Wednesday, March 11, 2009

Yemen: Rebel leader warns, "If you begin any new attack, your losses this time, and defeat, will be much bigger than the previous one."

Displaced people in Saada with food aid from the World Food Programme (file photo)

Followers of Abdul-Malik al-Houthi, leader of a rebel Shia group in the northern governorate of Saada, and local people say tensions have been rising and that the recent conflict with the government may flare up again.

Al-Houthi's Information Office on 10 March said army units opened fire on some civilians wanting to take part in an event organised by al-Houthi supporters to mark the birthday of the Prophet Muhammad, and an armed group backed by the government had tried to lay an ambush for those trying to get to the venue.

In another incident, government forces recently accused al-Houthi followers of killing two soldiers and injuring another in the al-Malahid area, in the southwestern part of Saada Governorate, heightening tension. The Interior Ministry said the incident took place on 6 March when soldiers on patrol repulsed an attack, killing one attacker and arresting another.

The conflict in Saada Governorate, which started in June 2004 and went on until President Ali Abdullah Saleh declared it over on 17 July 2008, left hundreds dead and thousands displaced.

As a further indication that tensions are rising, Al-Houthi issued a warning to the government on 10 March: "Nothing will frighten us... If you begin any new attack, your losses this time, and defeat, will be much bigger than the previous one." He also accused the government of fomenting tribal clashes in Saada and said the authorities had killed 85 people since the war was declared over in July 2008.

Preparing for fresh conflict?

Sheikh Saleh Habrah, a spokesman for al-Houthi, told IRIN the authorities had started to prepare for another conflict.

"This is clear as they have already started to prepare and train groups from within Saada to stand against the Houthis", he said, adding that the influx of fresh army troops into Saada was another pointer to the government’s intentions.

"These kinds of preparations are made by the authorities before they start wars against us," he said, adding that al-Houthi followers would defend themselves if the state waged war against them.

A local source in Saada, who preferred anonymity, told IRIN clashes took place between al-Houthi supporters and government forces in Ghamr District in the western part of Saada Governorate on 7 March. The source said armed tribal groups were backing the government forces.

"It looks like the government has managed to recruit a number of local people from Saada to fight al-Houthi’s followers. The situation undoubtedly foreshadows a new war," he said, warning that thousands of civilians would be at risk as a result.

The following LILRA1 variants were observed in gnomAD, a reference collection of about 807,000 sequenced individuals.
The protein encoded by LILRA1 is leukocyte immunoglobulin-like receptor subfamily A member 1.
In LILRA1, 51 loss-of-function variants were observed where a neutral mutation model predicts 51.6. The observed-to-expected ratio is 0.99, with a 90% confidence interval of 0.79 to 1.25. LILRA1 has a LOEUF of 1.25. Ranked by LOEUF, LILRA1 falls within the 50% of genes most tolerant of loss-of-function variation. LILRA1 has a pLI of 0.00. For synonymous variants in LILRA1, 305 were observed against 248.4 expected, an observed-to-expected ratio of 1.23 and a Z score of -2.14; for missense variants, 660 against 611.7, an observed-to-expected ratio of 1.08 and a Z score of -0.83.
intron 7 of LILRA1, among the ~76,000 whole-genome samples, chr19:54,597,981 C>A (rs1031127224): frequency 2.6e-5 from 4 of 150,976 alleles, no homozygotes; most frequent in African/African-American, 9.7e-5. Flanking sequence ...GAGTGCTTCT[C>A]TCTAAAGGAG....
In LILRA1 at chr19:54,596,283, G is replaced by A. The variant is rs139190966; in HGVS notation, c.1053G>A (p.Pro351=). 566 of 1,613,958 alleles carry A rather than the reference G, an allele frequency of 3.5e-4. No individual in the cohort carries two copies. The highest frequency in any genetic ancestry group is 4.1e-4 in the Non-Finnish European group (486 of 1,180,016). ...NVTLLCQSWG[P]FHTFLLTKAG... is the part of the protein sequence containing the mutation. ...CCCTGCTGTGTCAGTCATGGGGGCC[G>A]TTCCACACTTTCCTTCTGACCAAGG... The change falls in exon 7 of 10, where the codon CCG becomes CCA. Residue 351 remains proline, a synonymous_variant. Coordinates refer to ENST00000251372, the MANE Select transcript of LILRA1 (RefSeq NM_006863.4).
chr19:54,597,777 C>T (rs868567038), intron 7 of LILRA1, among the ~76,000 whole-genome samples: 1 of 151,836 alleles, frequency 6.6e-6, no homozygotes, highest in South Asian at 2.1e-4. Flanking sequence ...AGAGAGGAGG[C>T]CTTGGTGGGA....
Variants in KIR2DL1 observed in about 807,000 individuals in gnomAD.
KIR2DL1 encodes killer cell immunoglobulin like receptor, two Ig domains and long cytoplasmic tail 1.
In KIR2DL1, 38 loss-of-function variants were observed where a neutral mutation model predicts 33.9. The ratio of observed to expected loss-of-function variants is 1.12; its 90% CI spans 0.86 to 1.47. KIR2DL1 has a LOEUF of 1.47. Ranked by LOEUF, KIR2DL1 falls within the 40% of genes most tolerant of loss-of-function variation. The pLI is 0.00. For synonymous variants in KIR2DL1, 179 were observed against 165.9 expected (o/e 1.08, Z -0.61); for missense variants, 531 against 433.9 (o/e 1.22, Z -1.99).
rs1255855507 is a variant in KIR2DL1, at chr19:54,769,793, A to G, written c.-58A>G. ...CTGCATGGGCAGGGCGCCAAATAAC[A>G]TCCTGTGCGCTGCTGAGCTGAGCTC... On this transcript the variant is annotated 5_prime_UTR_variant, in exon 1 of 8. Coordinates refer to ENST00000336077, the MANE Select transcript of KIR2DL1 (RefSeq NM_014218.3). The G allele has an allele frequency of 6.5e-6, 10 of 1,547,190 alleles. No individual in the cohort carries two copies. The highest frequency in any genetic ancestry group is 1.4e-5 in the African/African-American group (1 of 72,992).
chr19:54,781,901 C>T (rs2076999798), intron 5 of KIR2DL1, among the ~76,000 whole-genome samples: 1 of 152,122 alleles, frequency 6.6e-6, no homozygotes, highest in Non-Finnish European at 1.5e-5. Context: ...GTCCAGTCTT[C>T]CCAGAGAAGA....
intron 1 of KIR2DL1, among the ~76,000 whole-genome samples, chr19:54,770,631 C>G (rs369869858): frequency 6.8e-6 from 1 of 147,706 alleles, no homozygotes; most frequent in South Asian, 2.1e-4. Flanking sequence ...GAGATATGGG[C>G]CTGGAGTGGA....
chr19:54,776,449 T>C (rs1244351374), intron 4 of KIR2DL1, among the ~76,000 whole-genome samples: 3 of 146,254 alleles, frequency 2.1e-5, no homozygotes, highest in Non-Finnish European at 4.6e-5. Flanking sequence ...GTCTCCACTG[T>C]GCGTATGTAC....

The government, however, has said it has no intention of fighting al-Houthi followers.

Humanitarian situation

Al-Houthi spokesman Habrah accused the government of preventing aid from reaching Marran and Haydan districts, where the humanitarian situation was poor.

Saada Governorate had been under economic blockade since July 2008, he said, adding that armed tribal groups were working for the government and “preventing supplies from reaching Saada”. The government has consistently denied this.

A report released in November 2008 by US-based Human Rights Watch criticised the government's policy of restricting humanitarian access to Saada, which had left tens of thousands of civilians beyond the reach of aid agencies.

On 19 February, the International Committee of the Red Cross (ICRC) said thousands of war victims in Saada were still in need of humanitarian aid. It said difficult weather conditions had put an additional strain on many small communities in the mountains.

ICRC said water treatment services were not as widely available as in the past and that getting potable water had become a daily challenge for most ordinary people. Health services were also under threat.

"Several basic health-care facilities have been abandoned because of the lack of security, and others have been destroyed. Those that are still operating often lack the equipment and supplies they need," ICRC said in a statement.

Disclaimer:This material comes to you via IRIN, the humanitarian news and analysis service of the UN Office for the Coordination of Humanitarian Affairs. The opinions expressed do not necessarily reflect those of the United Nations or its Member States.
Photo: Copyright IRIN
Published by Mike Hitchen, Mike Hitchen Consulting
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